Good capitalism is the title of a book written by Prof. Dr. Sebastian Dullien (University of Applied Sciences in Berlin), Prof. Dr. Hansjörg Herr (Berlin School of Economics and Law) and Dr. Christian Kellerman, Director of the Nordic Office of the Friedrich Ebert Foundation in Stockholm.

Hereafter is what the authors say

" Good capitalism" stands for relatively secure economic living conditions. It is simply not acceptable that workers or business enterprises should be left at the mercy of fully destabilised markets.  Precarious jobs and mass unemployment serve only to weaken trade unions and workers. What this implies is a need to pursue policies designed to keep unemployment at low levels and to eliminate the legal loopholes responsible for the creation of precarious jobs. Expanded worker rights and rights of codetermination in the workplace constitute important elements of a balance of forces between labour and capital.

Crises offer opportunities. They offer an opportunity to question all of the orthodox opinions and interests that have been handed down more or less uncritically and accepted as valid, plainly and simply because they are so widespread. In this sense, the current economic and financial crisis offers a good opportunity to step back and take a hard look at what has gone wrong with the economy in recent decades and why it is that our economic system has not always contributed to improving the wellbeing of broad masses of the population. For many people, the neoliberal globalisation project has meant less, or indeed no, participation in the process of social value creation. Quite the contrary, it has led to precarious living conditions, bound up with the risk of social marginalisation or, indeed, exclusion. Social security systems have, at least in part, been at the mercy of the financial markets, with professional and thus also private plans for the future being subverted by crises and new methods of management. Large and growing sectors of society increasingly feel themselves to be mere objects, helplessly exposed to the vagaries of an increasingly uncontrolled market, prone to violent swings. Resignation, or indeed social unrest, may jeopardise social cohesion. In view of these dangers, there can be no doubt that we need an enhanced regulatory framework for globalisation.

In addition, we are convinced that financial capitalism of the kind that has emerged in recent decades, as well as deregulation of labour markets and other elements of the neoliberal project, have contributed in key ways to making the world economy far more vulnerable to economic and social disasters of the kind experienced during the Great Depression of the 1930s.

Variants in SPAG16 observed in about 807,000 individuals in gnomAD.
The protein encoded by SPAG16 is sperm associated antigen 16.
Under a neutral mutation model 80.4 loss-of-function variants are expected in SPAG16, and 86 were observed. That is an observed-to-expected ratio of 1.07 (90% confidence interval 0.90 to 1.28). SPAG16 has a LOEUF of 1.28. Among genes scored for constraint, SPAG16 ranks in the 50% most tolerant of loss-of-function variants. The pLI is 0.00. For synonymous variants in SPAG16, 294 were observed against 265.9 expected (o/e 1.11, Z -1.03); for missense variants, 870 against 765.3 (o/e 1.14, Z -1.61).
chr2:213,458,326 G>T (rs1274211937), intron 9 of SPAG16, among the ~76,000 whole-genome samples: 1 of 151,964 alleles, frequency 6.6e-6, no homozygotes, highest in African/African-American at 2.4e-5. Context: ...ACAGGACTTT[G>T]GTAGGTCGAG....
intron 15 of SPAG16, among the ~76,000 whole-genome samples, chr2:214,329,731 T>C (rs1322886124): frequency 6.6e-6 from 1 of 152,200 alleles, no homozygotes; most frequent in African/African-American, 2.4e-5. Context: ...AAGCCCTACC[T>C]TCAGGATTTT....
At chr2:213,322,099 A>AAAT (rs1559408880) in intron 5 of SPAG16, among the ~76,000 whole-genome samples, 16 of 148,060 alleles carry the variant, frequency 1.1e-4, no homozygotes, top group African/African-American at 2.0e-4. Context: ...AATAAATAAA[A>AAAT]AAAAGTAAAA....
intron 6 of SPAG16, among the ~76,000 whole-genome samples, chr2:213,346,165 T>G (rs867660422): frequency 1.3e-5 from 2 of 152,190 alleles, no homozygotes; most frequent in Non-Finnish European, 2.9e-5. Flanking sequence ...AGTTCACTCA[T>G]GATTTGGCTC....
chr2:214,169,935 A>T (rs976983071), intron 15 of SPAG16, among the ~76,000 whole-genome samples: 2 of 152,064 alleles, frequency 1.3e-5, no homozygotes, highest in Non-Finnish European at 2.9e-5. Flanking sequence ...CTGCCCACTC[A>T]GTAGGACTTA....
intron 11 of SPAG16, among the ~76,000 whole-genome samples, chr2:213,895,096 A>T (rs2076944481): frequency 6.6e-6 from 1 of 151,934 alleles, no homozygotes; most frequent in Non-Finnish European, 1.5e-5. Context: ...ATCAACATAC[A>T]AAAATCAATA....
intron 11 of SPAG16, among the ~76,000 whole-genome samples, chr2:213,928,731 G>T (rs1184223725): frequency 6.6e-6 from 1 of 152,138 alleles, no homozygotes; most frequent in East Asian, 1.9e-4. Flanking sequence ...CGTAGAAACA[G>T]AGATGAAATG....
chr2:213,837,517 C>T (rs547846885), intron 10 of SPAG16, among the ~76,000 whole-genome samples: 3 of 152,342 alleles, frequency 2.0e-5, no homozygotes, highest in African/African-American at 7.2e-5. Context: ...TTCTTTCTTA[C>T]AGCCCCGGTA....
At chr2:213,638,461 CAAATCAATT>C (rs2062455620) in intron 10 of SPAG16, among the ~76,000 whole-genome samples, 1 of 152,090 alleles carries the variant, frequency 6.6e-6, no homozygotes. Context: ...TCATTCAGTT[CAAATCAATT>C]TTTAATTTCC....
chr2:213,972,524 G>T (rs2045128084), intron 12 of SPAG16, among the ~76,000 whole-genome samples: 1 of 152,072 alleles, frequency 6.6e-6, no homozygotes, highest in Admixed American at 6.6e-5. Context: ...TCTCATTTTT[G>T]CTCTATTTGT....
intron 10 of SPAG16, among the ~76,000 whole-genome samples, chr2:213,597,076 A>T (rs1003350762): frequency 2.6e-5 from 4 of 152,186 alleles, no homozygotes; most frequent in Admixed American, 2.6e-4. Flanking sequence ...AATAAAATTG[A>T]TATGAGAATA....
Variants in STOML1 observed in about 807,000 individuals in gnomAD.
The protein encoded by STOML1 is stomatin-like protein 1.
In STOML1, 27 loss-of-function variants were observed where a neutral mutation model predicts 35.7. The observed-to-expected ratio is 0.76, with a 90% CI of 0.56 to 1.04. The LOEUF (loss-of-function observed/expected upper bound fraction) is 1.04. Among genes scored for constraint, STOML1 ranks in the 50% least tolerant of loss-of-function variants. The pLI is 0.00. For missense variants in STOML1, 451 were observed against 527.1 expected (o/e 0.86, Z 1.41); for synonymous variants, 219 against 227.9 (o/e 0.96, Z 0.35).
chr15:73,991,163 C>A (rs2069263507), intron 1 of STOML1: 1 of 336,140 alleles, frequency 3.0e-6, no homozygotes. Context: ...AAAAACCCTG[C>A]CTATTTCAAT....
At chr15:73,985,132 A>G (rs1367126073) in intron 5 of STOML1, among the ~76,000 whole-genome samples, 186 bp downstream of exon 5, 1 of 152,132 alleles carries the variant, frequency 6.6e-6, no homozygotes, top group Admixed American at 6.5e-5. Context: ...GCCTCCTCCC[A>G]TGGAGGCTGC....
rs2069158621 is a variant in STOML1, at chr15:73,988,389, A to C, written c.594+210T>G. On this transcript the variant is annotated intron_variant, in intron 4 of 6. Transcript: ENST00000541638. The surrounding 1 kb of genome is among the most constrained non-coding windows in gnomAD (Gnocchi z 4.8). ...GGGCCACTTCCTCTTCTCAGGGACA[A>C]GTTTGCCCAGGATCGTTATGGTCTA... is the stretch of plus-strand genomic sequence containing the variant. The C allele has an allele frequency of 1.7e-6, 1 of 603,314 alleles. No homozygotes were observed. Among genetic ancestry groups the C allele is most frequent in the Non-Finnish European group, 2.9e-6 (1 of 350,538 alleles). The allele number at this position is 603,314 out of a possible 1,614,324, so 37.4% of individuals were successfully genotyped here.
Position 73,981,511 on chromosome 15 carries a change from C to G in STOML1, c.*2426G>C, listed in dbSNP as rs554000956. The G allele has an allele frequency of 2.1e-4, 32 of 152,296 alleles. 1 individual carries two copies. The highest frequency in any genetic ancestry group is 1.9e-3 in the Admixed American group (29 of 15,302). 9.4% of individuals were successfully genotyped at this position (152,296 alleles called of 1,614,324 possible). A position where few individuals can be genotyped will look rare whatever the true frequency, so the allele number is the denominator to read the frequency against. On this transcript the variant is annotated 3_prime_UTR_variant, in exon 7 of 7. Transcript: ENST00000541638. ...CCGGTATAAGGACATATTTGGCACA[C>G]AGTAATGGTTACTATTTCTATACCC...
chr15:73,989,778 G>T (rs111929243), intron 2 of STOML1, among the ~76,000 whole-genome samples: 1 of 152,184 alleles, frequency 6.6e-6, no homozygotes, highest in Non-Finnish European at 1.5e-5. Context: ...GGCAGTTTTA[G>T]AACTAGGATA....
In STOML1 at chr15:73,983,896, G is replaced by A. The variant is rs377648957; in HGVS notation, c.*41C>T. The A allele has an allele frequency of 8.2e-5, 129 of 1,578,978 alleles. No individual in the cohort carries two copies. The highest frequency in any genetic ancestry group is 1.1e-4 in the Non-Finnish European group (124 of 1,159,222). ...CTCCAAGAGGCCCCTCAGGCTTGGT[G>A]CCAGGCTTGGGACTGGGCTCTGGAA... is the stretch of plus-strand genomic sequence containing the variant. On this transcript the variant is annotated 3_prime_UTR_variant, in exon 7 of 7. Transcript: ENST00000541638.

Although the long-term goal of creating a capitalism restrained by institutions and rules – a ‘good capitalism’ – may, at first glance, appear unrealistic, we can still envision a good number of first steps in that direction. Indeed, today they are already under political discussion. And since any long march must inevitably begin with a small step, we can follow up first changes of this kind by advancing – and transposing into practice – a multiplicity of further-reaching proposals. This is a matter of political will – and, of course, also of the political options available: a question of the play of forces within and between societies, of dynamics that lead to the creation of scope for political action. This is why it is important to seize the present opportunity to initiate, and implement, a series of first reforms which have the potential for long-term change.

One crucial consideration here is that we clearly understand where we are headed. In recent years, many politicians have neglected the need to develop a concrete notion of what shape our society and our economic order may take at the end of the course of reforms embarked on. Many reforms have been justified on more or less dedensive grounds: for example by informing the public that these reforms were necessary to rescue what is left of the welfare state. In the end, far from enhancing the economy's powers of resistance, the changes implemented have tended more to fuel the emergence of global economic imbalances and one important reason has been a lack of understanding of the wider context."

The authors propose a four pillar model that considers Bank and Financial Systems, Wages and the Labour Market, Budgets and the World. They argue that an alternative to the prevailing market-liberal economic logic is conceivable and above all possible.



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